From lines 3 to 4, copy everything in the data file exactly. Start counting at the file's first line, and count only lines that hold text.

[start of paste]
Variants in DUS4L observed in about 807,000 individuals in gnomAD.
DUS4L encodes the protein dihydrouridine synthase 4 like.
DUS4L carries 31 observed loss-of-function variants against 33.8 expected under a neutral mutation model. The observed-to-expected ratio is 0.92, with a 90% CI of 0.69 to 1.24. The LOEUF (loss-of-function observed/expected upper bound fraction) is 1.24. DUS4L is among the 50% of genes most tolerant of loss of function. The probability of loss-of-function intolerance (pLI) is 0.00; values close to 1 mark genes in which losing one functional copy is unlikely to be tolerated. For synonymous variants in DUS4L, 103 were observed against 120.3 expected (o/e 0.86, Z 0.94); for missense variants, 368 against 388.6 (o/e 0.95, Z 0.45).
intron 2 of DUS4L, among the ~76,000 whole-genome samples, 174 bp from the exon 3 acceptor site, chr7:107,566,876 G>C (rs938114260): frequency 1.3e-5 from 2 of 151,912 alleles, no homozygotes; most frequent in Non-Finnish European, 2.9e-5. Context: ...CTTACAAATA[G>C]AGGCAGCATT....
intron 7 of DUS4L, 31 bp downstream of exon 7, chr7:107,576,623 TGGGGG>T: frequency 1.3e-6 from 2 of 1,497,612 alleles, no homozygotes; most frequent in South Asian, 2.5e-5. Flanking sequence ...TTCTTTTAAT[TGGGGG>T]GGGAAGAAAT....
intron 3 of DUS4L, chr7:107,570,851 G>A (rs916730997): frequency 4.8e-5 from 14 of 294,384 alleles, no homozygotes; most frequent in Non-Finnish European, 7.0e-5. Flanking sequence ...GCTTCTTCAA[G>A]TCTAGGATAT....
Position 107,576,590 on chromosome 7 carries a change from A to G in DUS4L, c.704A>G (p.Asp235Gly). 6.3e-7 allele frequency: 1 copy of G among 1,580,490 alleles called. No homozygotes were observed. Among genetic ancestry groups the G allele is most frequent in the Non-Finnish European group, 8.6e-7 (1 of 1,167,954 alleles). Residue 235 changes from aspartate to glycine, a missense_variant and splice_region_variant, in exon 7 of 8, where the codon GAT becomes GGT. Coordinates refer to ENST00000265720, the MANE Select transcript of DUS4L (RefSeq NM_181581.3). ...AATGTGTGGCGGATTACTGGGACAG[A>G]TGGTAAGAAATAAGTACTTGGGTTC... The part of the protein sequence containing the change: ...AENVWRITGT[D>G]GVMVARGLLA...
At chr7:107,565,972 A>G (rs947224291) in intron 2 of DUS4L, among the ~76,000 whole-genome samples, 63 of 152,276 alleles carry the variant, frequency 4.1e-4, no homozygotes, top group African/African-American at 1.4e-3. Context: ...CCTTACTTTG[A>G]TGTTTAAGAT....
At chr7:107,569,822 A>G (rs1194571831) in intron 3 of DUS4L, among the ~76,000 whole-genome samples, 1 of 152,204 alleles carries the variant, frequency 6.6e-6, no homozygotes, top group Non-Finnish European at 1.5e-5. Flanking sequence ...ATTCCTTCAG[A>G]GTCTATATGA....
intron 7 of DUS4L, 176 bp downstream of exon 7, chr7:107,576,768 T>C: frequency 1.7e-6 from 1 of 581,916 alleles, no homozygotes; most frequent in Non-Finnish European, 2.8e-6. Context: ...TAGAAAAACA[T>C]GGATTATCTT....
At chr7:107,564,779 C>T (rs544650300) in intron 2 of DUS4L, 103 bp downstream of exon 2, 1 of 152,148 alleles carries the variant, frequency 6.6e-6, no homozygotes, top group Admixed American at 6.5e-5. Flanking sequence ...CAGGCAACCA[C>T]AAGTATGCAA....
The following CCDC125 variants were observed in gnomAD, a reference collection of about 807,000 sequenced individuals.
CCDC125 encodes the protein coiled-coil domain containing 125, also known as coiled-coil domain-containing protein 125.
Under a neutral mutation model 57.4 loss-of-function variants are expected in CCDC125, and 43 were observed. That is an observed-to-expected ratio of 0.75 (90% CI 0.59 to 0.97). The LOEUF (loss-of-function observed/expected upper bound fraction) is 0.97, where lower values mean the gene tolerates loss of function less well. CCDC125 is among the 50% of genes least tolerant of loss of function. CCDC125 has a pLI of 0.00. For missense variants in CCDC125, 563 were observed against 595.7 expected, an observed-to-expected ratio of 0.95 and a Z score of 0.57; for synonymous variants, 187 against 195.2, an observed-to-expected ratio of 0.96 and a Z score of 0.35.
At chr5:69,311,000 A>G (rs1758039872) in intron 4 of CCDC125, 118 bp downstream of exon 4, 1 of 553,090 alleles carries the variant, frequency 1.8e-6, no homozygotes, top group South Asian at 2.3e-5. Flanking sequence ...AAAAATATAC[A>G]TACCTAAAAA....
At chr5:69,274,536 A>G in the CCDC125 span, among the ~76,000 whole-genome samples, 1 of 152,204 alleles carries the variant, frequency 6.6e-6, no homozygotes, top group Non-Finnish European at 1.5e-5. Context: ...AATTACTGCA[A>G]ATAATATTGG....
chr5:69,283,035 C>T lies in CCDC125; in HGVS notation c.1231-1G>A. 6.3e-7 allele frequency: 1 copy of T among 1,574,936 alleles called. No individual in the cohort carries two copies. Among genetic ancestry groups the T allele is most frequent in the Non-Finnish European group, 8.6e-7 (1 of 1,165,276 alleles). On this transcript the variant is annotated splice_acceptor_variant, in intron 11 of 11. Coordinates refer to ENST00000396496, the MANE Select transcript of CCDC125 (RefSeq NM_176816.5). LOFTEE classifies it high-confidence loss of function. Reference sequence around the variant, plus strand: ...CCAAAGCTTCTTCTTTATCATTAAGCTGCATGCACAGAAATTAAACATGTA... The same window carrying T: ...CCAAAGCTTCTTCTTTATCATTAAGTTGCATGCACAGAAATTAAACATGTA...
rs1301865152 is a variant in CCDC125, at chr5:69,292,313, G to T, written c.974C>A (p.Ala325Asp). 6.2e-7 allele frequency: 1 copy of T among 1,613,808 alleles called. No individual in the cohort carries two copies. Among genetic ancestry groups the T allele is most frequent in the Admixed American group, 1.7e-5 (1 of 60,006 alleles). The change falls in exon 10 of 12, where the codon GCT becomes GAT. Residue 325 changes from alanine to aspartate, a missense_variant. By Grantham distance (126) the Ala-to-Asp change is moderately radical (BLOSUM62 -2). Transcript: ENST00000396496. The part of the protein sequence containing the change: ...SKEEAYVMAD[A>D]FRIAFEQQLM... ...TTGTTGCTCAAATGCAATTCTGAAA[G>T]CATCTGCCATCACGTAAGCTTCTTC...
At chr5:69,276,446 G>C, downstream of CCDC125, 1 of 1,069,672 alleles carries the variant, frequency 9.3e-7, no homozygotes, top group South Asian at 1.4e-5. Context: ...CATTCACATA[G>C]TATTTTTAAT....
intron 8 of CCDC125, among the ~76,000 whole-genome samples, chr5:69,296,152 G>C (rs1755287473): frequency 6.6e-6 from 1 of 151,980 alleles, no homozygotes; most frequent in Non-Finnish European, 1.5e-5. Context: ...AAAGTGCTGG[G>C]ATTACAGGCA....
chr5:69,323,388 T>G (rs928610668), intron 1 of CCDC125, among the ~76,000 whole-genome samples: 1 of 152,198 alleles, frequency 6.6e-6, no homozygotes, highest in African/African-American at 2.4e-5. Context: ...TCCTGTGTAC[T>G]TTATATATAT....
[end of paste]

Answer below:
DUS4L carries 31 observed loss-of-function variants against 33.8 expected under a neutral mutation model. The observed-to-expected ratio is 0.92, with a 90% CI of 0.69 to 1.24. The LOEUF (loss-of-function observed/expected upper bound fraction) is 1.24. DUS4L is among the 50% of genes most tolerant of loss of function. The probability of loss-of-function intolerance (pLI) is 0.00; values close to 1 mark genes in which losing one functional copy is unlikely to be tolerated. For synonymous variants in DUS4L, 103 were observed against 120.3 expected (o/e 0.86, Z 0.94); for missense variants, 368 against 388.6 (o/e 0.95, Z 0.45).
intron 2 of DUS4L, among the ~76,000 whole-genome samples, 174 bp from the exon 3 acceptor site, chr7:107,566,876 G>C (rs938114260): frequency 1.3e-5 from 2 of 151,912 alleles, no homozygotes; most frequent in Non-Finnish European, 2.9e-5. Context: ...CTTACAAATA[G>C]AGGCAGCATT....